CHF: Medical Management

Medications may be necessary to manage the effects of CHF. Children may be maintained on several medications for extended periods of time. Two common medications are:


Digoxin is an inotropic medication. That means it works directly on the heart to increase the velocity of contraction and the force of the contraction. In addition, it slows conduction through the AV node, slowing the heart rate and suppressing dysrhythmias.

Initial doses are given parenterally; these are the loading or digitalizing doses. Maintenance doses are given once daily, or divided into 2 doses 12 hours apart.

The goal of therapy is to reduce the heart rate and venous pressure. Diuresis will begin and edema lessen. When digitilization has taken place, an ECG will show a lengthened PR interval and depression of the ST segment.

Symptoms of digitalis toxicity include: anorexia, nausea and vomiting, dizziness, diarrhea, headache and arrhythmia. The child's apical pulse rate should be above 100 beats per minute in infants and above 70 bpm in older children before medicating. The physician should be notified if the child vomits more than once each day, as vomiting is a sign of digitalis toxicity. Any arrhythmia or alteration in cardiac conduction that develops in a child taking digoxin should be assumed to be caused by digoxin, until further evaluation proves otherwise.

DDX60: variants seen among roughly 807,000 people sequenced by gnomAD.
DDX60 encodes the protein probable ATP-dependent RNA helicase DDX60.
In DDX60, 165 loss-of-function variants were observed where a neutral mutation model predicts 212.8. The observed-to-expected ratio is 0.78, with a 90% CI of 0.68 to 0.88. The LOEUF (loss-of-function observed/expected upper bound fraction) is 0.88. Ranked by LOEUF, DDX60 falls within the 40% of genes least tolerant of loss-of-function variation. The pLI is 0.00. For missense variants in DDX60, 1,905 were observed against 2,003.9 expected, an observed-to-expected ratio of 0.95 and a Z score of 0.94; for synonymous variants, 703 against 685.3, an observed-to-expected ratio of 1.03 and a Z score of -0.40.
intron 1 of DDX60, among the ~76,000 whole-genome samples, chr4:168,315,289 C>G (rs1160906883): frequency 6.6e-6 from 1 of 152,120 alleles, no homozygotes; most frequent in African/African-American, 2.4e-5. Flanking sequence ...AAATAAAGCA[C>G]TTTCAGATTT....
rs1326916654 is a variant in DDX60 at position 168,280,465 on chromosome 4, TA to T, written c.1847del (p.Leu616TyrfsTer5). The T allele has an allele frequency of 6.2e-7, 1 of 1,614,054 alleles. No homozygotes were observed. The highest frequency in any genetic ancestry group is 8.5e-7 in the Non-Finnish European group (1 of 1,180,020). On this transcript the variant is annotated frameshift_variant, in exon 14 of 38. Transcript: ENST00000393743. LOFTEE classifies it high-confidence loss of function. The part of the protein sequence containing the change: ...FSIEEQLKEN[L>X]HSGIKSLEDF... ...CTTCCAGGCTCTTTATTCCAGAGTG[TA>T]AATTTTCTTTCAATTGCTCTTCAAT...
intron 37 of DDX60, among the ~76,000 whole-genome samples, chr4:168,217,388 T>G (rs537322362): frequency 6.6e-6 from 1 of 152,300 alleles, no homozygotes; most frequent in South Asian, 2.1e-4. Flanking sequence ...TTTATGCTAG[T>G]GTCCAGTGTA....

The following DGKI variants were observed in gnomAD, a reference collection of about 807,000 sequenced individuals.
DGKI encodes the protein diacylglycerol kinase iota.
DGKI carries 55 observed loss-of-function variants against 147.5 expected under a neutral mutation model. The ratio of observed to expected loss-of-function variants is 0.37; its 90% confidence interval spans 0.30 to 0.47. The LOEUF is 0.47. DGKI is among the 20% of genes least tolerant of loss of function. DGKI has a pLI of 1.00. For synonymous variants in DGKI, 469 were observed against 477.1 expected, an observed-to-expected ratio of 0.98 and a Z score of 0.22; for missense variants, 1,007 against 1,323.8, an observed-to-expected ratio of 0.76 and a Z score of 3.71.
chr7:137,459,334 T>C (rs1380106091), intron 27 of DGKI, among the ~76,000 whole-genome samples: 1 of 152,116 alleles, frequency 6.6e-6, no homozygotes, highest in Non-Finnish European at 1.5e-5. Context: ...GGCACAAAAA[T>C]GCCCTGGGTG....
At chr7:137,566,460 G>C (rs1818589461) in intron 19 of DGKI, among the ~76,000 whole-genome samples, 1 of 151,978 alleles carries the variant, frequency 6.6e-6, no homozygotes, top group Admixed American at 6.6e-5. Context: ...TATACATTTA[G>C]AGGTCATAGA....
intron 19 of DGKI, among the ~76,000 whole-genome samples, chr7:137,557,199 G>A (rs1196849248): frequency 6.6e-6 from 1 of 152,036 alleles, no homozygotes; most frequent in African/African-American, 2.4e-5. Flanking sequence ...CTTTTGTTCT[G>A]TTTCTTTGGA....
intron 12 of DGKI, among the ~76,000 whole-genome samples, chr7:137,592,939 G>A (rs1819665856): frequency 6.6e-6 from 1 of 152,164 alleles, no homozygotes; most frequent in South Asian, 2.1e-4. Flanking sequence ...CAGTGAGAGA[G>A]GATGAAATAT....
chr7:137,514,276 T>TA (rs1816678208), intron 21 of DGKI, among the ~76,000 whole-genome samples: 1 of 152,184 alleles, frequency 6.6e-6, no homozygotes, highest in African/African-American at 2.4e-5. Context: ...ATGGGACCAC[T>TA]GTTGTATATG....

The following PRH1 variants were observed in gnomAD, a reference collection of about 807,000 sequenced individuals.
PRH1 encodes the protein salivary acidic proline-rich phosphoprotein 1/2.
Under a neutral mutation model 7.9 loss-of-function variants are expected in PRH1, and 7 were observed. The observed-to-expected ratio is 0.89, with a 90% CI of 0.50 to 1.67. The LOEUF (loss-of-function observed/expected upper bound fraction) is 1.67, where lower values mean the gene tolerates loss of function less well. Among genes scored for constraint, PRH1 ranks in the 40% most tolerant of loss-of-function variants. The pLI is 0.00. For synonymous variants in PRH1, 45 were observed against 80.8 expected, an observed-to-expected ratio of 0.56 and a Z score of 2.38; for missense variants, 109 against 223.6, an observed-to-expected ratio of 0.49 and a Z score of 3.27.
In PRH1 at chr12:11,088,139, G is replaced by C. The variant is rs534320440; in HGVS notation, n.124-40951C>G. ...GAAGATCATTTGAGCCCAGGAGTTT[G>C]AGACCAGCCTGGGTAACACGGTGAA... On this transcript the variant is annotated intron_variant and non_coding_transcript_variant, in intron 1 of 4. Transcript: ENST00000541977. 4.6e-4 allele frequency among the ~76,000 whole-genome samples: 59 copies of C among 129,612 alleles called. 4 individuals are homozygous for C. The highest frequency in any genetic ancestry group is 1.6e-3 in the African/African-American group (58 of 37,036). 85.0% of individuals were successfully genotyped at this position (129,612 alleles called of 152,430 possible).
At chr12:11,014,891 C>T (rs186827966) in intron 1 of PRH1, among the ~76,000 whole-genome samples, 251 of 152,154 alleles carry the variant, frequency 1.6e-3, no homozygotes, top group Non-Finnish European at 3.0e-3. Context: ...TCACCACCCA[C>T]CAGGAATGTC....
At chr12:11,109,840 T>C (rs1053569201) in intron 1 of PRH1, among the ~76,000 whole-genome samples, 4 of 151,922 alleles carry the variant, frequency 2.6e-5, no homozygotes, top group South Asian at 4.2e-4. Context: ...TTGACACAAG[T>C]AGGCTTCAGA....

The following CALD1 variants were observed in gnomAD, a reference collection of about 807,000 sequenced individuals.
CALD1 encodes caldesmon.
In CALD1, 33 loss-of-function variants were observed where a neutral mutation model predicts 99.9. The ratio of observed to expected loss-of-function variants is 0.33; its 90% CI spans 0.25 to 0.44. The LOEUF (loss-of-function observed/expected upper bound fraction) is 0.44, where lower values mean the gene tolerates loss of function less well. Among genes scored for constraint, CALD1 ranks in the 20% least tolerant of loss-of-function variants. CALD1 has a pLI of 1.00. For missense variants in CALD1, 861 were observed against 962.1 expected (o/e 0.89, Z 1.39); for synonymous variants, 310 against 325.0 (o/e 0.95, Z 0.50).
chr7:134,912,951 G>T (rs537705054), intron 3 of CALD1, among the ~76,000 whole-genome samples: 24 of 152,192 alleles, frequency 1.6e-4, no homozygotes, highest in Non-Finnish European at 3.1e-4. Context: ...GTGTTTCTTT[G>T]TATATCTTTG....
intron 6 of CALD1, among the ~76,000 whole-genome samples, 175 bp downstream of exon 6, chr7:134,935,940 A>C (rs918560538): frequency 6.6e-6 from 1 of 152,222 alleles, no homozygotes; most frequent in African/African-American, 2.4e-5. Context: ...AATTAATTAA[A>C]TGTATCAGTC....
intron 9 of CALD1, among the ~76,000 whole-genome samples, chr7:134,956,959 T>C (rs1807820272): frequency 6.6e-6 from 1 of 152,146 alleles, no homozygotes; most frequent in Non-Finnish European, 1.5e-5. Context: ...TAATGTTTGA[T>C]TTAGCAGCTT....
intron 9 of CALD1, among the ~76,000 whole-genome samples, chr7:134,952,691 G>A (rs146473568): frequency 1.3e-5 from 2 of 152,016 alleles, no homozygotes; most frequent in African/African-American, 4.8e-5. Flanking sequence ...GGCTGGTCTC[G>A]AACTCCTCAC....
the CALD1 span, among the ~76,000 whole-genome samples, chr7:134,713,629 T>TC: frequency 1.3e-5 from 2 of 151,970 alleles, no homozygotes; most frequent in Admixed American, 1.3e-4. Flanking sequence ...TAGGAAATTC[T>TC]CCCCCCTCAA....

Dosage: Full term neonates: (follow facility protocols)

Dosage: Infants 1 month to 24 months: (follow facility protocols)

Dosage: Children 2 to 5 years: (follow facility protocols)


Diuretics like Lasix remove edema and act to lower blood pressure. This helps reduce the extra load on the pulmonary system.

The excretion of sodium is promoted by inhibiting it's reabsorption in the kidney's ascending loop of Henle. Chloride, water and potassium are also excreted in higher amounts.

Electrolytes should be monitored with regular blood draws and analysis. The child should ingest a diet high in potassium, or take oral potassium supplements.

Daily weights should be monitored, and the child should be watched to be sure he/she is voiding. Normal urine output for an neonates and infant is 1 to 2 ml/kg/hour. Normal adult urine output declines to 0.5 ml/kg/hr.

Dosage: children: (follow facility protocol)


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